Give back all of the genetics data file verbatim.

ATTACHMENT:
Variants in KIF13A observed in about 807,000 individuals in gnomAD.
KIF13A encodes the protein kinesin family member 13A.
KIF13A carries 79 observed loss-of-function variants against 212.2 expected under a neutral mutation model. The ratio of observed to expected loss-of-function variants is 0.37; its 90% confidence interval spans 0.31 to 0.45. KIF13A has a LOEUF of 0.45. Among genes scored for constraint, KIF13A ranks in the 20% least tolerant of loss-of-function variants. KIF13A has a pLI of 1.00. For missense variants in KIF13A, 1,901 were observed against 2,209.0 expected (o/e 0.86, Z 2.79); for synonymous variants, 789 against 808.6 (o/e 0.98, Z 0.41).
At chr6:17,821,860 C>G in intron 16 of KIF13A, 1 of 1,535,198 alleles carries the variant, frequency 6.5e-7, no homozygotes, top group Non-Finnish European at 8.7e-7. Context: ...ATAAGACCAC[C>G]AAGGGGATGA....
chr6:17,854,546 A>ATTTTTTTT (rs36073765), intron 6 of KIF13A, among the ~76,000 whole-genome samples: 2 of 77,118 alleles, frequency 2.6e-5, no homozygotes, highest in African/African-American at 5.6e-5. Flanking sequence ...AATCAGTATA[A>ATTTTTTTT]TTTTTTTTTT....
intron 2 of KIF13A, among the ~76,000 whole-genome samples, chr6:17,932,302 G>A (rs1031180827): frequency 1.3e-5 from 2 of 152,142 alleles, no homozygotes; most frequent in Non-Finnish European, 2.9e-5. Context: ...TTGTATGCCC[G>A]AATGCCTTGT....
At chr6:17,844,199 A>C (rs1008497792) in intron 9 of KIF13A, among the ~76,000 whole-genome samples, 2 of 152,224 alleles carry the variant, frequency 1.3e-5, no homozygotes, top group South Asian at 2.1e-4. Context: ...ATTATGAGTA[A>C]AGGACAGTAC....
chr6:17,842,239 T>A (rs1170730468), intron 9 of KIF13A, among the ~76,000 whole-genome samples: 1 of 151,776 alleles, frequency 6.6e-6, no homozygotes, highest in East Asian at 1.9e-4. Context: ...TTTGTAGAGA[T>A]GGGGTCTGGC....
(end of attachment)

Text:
Variants in KIF13A observed in about 807,000 individuals in gnomAD.
KIF13A encodes the protein kinesin family member 13A.
KIF13A carries 79 observed loss-of-function variants against 212.2 expected under a neutral mutation model. The ratio of observed to expected loss-of-function variants is 0.37; its 90% confidence interval spans 0.31 to 0.45. KIF13A has a LOEUF of 0.45. Among genes scored for constraint, KIF13A ranks in the 20% least tolerant of loss-of-function variants. KIF13A has a pLI of 1.00. For missense variants in KIF13A, 1,901 were observed against 2,209.0 expected (o/e 0.86, Z 2.79); for synonymous variants, 789 against 808.6 (o/e 0.98, Z 0.41).
At chr6:17,821,860 C>G in intron 16 of KIF13A, 1 of 1,535,198 alleles carries the variant, frequency 6.5e-7, no homozygotes, top group Non-Finnish European at 8.7e-7. Context: ...ATAAGACCAC[C>G]AAGGGGATGA....
chr6:17,854,546 A>ATTTTTTTT (rs36073765), intron 6 of KIF13A, among the ~76,000 whole-genome samples: 2 of 77,118 alleles, frequency 2.6e-5, no homozygotes, highest in African/African-American at 5.6e-5. Flanking sequence ...AATCAGTATA[A>ATTTTTTTT]TTTTTTTTTT....
intron 2 of KIF13A, among the ~76,000 whole-genome samples, chr6:17,932,302 G>A (rs1031180827): frequency 1.3e-5 from 2 of 152,142 alleles, no homozygotes; most frequent in Non-Finnish European, 2.9e-5. Context: ...TTGTATGCCC[G>A]AATGCCTTGT....
At chr6:17,844,199 A>C (rs1008497792) in intron 9 of KIF13A, among the ~76,000 whole-genome samples, 2 of 152,224 alleles carry the variant, frequency 1.3e-5, no homozygotes, top group South Asian at 2.1e-4. Context: ...ATTATGAGTA[A>C]AGGACAGTAC....
chr6:17,842,239 T>A (rs1170730468), intron 9 of KIF13A, among the ~76,000 whole-genome samples: 1 of 151,776 alleles, frequency 6.6e-6, no homozygotes, highest in East Asian at 1.9e-4. Context: ...TTTGTAGAGA[T>A]GGGGTCTGGC....